Thursday, October 31, 2019

Bliss – review

Director: Joe Begos

Release date: 2019

Contains spoilers

Whilst the blurb I read for this movie didn’t mention vampirism, there are reviews out in the wide-open spaces of the internet that do mention this as a vampire film and so the fact that I am reviewing this doesn’t overly spoil what is to come.

I have seen parallels drawn between this and the Addiction but whilst the earlier film and this touch upon the pain and need of addiction they are very different beasts. This is a much more neon affair (the Addiction being a black and white film, of course) and had a psychedelic quality that reminded me a little of Mandy (2018).

Clive and Dezzy
The film starts (after a warning about the use of flashing lights in the film) with Dezzy (Dora Madison) stood before a canvas. Her boyfriend, Clive (Jeremy Gardner), is there and she admits she has been stood before it for an hour – she has, we discover, been suffering an artistic block for 3-months. She has an appointment but Clive needs a lift and makes her late, she also has a run in with her building manager – she is behind with the rent.

using Diablo
The appointment is with her agent (Chris McKenna), who informs her that gallery owner Nikki (Rachel Avery) hasn’t sold any of the paintings she has for some time and, with the new piece behind schedule (having paid a large advance for it), she is considering dropping her. He then drops her as a client himself. A desperate Nikki contacts Hadrian (Graham Skipper), a friendly drug dealer, despite having been clean through the creatively dry period. He shows her three drugs – one of them, Diablo, is described as Cocaine cut with DMT. She takes a sample and is floored, literally.

meeting Courtney
By the time she comes round there is a party going on and she indulges in more drugs and alcohol before bumping into an old friend, Courtney (Tru Collins) and her boyfriend. Courtney persuades Dezzy to stay at the party and there is copious drug and alcohol consumption until they end up having a drug fuelled threesome. During this we see Courtney with blood at her mouth and Dezzy with blood on her neck, though it is a glimpse and the film doesn’t concentrate on it.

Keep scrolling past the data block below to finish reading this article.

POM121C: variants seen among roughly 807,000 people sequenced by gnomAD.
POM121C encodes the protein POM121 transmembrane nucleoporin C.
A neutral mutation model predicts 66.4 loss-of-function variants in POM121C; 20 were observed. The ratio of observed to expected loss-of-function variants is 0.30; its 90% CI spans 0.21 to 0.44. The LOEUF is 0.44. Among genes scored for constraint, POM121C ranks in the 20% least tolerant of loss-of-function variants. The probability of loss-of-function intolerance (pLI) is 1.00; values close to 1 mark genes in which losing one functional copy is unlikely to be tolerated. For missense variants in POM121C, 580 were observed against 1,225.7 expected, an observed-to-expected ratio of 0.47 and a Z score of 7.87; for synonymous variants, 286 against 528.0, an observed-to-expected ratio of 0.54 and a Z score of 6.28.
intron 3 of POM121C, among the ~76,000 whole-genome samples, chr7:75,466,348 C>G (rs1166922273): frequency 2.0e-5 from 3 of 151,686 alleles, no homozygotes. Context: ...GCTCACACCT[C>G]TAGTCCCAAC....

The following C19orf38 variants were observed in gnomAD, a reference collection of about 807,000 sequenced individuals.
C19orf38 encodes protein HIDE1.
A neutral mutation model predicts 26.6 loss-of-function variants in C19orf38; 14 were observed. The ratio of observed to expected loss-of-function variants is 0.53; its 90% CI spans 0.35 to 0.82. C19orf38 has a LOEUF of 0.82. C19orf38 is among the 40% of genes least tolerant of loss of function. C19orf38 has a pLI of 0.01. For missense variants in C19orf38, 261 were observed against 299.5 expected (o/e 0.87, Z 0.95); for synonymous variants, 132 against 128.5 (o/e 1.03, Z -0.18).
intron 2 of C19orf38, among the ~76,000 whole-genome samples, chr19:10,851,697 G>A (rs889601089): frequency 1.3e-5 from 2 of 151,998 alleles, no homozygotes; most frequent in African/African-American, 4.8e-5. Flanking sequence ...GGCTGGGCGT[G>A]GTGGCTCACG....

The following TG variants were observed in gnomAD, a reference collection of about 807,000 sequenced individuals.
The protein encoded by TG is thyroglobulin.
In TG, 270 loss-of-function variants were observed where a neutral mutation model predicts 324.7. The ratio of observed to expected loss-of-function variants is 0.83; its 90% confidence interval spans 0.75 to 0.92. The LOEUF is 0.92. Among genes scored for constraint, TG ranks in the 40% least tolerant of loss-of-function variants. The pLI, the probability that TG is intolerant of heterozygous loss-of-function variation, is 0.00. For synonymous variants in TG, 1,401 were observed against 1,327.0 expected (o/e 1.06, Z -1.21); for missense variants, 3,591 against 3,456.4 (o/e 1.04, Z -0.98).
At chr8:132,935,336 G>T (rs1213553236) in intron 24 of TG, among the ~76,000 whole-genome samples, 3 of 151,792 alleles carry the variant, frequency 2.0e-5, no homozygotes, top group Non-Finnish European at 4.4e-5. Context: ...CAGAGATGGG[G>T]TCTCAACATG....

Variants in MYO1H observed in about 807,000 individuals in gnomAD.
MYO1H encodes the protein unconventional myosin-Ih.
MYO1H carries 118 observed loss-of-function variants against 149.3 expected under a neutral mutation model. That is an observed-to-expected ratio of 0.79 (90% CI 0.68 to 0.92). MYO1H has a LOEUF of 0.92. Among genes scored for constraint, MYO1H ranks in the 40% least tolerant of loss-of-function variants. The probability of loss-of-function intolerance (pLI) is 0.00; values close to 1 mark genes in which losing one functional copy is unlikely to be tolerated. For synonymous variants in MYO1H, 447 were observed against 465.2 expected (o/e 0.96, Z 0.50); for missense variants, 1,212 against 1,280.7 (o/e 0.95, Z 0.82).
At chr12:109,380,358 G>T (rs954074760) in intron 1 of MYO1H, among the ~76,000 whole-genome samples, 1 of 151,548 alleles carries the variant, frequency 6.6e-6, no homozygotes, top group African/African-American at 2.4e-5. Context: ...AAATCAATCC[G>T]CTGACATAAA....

Courtney attacks
Dezzy goes home the next day and actually paints – though she doesn’t remember doing so, describing it like being possessed. She becomes convinced through the film that the drugs (she describes them as Bliss, not Diablo) are giving her the inspiration. She meets up with Courtney again but becomes ill and throws up blood in a toilet, before witnessing Courtney attack a woman, and then two dancing together and then waking naked on the floor before the painting that she has done more work on.

suicide attempt
It becomes clear as the film moves on that it is blood that is motivating her, not the drugs, and there is quite a trail of bodies. So, with the vampirism, a bite turns (there is an inference that Courtney has been cleaning up after Dizzy and using her friend for her blood, rich in alcohol and drugs as it is) and the vampire is eternal unless the heart is destroyed. If the heart is destroyed the vampire essentially melts away. Other injuries are quickly repaired – such as Dezzy trying to commit suicide, blowing a hole in the side of her head with a gun and her face quickly repairing.

Dora Madison as Dezzy
So the film's biggest negative is the actual characters. Dezzy is the best drawn and she is two dimensional, we get little character development and she is simply a queen bitch to everyone – so we have little sympathy for her. The other characters are substantially thinner. That’s not to say that the performances are bad. On the contrary, the performances are strong despite the thin characterisation, especially Dora Madison’s decent into paranoia. The film captures a real feel of anxiety and pain and that is its strength. The film draws this through performance, through camera work and through hallucinations (such as Dezzy believing the shower is covering her in blood rather than water and seeing herself in the mirror bleeding and moving independently of her real self).

the mirror lies
There is a fair amount of gore and those effects are well done, or the lighting and camerawork are clever enough to hide the joins. The melting is perhaps not as well done but such scenes are briefly done. This is a ride, and it isn’t a pleasant one – taking you into realms of apprehension, hurt and nightmares. This is perhaps why Dezzy is not drawn sympathetically and I can respect the decision to draw her like that but it does mean that the viewer is indifferent to her fate. 6 out of 10.

The imdb page is here.

On DVD @ Amazon US

On Demand @ Amazon UK

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